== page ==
We all know that Pinterest has hit the social media scene with a boom. It's only been a couple months into 2012 and already marketers are claiming it as the next big tool in their arsenal of branding tools for this year. However, there is a step yet to be taken with much of Pinterest. Not many have tapped into the insights of using Pinterest for market research. Here, I will show you some tips to utilize the site for a better understanding of your market.
1. See what's pinning. A cool trick I learned from Adam Helweh at socialmediaexplorer.com is to enter your website URL into the Pinterest URL tag. Type the following into your browser and replace “yourdomain.com” with your own web site: http://pinterest.com/source/”yourdomain.com”. For example, try www.pinterest.com/source/nytimes.com. Here you will find all of the images that Pinterest users have taken from nytimes.org. This gives a nice display of what users find visually appealing/interesting on your site. Pretty cool huh? Have you tried it with your URL yet?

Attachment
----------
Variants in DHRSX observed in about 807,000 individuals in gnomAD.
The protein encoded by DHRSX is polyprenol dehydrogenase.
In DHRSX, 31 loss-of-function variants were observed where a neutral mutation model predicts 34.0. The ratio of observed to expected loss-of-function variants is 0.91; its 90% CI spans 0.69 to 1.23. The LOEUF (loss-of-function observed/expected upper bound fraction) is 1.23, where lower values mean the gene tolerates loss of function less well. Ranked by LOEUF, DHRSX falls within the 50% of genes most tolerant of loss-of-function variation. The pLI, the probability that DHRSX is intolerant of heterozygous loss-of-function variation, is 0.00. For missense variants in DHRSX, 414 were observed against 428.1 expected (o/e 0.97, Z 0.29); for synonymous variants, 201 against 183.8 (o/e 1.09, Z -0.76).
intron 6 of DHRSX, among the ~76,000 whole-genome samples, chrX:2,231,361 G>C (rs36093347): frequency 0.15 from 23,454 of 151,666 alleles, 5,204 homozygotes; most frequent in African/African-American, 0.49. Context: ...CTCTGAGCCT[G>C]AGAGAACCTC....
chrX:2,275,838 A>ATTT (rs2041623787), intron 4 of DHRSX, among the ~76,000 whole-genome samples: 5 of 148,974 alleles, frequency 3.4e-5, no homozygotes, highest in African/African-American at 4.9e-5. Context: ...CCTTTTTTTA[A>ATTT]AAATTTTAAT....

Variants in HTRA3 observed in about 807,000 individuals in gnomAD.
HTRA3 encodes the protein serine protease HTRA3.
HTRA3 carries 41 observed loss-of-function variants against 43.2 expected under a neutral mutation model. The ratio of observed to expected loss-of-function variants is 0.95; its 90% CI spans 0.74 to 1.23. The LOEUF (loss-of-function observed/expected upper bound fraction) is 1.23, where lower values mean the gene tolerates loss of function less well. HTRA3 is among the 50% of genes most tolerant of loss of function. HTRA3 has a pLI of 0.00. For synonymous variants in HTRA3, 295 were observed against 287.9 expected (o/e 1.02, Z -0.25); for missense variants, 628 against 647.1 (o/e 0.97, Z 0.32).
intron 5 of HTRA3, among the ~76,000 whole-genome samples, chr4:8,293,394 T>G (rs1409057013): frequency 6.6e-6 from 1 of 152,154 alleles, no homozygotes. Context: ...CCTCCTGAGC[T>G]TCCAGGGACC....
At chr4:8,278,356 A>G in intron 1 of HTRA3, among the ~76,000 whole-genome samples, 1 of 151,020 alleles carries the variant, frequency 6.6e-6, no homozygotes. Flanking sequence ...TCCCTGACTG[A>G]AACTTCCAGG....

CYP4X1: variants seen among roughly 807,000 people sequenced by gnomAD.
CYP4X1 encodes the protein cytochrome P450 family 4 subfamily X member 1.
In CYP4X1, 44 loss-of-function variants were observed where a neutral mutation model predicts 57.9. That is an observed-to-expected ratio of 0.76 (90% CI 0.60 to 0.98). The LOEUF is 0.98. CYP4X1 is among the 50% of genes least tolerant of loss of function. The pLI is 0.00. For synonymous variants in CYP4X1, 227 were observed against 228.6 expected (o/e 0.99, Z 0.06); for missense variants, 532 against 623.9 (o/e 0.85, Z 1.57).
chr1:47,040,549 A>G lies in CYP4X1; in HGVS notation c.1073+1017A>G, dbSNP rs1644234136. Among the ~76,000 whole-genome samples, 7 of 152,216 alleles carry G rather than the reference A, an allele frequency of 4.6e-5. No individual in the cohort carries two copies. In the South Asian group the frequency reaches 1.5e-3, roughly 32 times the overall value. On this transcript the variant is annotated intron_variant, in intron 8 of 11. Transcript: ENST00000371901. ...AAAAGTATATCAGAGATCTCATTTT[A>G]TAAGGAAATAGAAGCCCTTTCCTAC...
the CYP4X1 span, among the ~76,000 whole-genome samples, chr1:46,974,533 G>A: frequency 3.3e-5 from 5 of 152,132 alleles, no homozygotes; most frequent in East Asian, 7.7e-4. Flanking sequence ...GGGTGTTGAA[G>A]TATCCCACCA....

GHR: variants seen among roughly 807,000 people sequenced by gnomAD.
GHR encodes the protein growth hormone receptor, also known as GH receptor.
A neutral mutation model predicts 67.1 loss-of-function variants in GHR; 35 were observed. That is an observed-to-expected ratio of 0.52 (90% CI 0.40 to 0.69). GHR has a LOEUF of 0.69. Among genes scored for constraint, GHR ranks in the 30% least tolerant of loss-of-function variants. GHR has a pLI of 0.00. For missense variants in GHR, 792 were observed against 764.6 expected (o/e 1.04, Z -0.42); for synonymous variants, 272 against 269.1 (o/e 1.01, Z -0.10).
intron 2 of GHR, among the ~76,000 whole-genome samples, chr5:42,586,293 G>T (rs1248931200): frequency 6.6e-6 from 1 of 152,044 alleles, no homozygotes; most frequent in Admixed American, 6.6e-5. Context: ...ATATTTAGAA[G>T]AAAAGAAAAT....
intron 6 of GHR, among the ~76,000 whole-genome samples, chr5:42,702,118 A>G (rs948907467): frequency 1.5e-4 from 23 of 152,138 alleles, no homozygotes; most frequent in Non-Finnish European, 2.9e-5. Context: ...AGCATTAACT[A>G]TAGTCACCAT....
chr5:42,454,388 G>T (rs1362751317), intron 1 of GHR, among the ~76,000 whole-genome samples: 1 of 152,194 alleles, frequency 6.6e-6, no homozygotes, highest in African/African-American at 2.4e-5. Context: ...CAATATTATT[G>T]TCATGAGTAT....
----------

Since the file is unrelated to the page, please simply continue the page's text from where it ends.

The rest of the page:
2. Look for themes. Is there a certain image that shows up consistently? That means Pinterest users have found that image to be very appealing and/or interesting, and have re-pinned it to the site. Look for any patterns or themes within your search. Popular images will tell you the type of article or product that is resonating with viewers.
3. Get a little closer. Is there an "image ambassador" among your pinners? By that I mean, are there one or two people that have consistently re-pinned your images, or keep showing up? Click on their profile and check them out. See what boards they are pinning to, how many followers they have and what other products they seem to like. If they've added links to other social media profiles, you may even want to connect with them further.
I'm excited to see how Pinterest will continue to expand, both as a fellow pinner and as a marketer. One thing is for sure, it's not leaving our radar anytime soon. What do you think? Have you been using Pinterest? Do you follow any brands? Contribute to the conversation below in the comment section!